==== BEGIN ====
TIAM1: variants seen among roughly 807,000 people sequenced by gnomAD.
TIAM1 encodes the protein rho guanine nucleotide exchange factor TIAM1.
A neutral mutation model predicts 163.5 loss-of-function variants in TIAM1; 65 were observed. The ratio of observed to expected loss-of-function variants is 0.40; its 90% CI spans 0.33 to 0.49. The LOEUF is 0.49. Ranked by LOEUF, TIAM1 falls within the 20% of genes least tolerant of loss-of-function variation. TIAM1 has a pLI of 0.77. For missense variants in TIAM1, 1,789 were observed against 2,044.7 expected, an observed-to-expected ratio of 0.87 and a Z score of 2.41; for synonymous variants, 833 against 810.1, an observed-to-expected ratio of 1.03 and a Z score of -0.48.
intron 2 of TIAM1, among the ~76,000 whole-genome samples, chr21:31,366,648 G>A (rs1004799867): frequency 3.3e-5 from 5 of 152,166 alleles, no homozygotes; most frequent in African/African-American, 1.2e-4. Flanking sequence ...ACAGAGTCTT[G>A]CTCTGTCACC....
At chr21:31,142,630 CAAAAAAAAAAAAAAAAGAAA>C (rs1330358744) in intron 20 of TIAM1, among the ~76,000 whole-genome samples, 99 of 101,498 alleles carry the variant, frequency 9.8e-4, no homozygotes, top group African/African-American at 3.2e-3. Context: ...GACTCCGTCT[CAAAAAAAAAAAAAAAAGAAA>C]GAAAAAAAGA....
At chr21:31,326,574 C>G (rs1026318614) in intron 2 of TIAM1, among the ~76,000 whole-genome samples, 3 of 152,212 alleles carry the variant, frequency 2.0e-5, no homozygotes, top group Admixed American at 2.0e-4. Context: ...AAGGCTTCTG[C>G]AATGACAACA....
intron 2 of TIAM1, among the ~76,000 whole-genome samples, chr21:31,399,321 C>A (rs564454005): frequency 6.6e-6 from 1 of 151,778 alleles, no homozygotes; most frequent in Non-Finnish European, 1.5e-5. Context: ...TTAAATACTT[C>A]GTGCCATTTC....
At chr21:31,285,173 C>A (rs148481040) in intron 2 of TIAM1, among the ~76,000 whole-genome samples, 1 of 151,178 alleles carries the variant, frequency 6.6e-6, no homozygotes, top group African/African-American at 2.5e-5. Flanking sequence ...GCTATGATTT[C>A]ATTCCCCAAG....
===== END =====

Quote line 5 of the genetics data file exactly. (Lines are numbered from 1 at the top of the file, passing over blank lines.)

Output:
At chr21:31,142,630 CAAAAAAAAAAAAAAAAGAAA>C (rs1330358744) in intron 20 of TIAM1, among the ~76,000 whole-genome samples, 99 of 101,498 alleles carry the variant, frequency 9.8e-4, no homozygotes, top group African/African-American at 3.2e-3. Context: ...GACTCCGTCT[CAAAAAAAAAAAAAAAAGAAA>C]GAAAAAAAGA....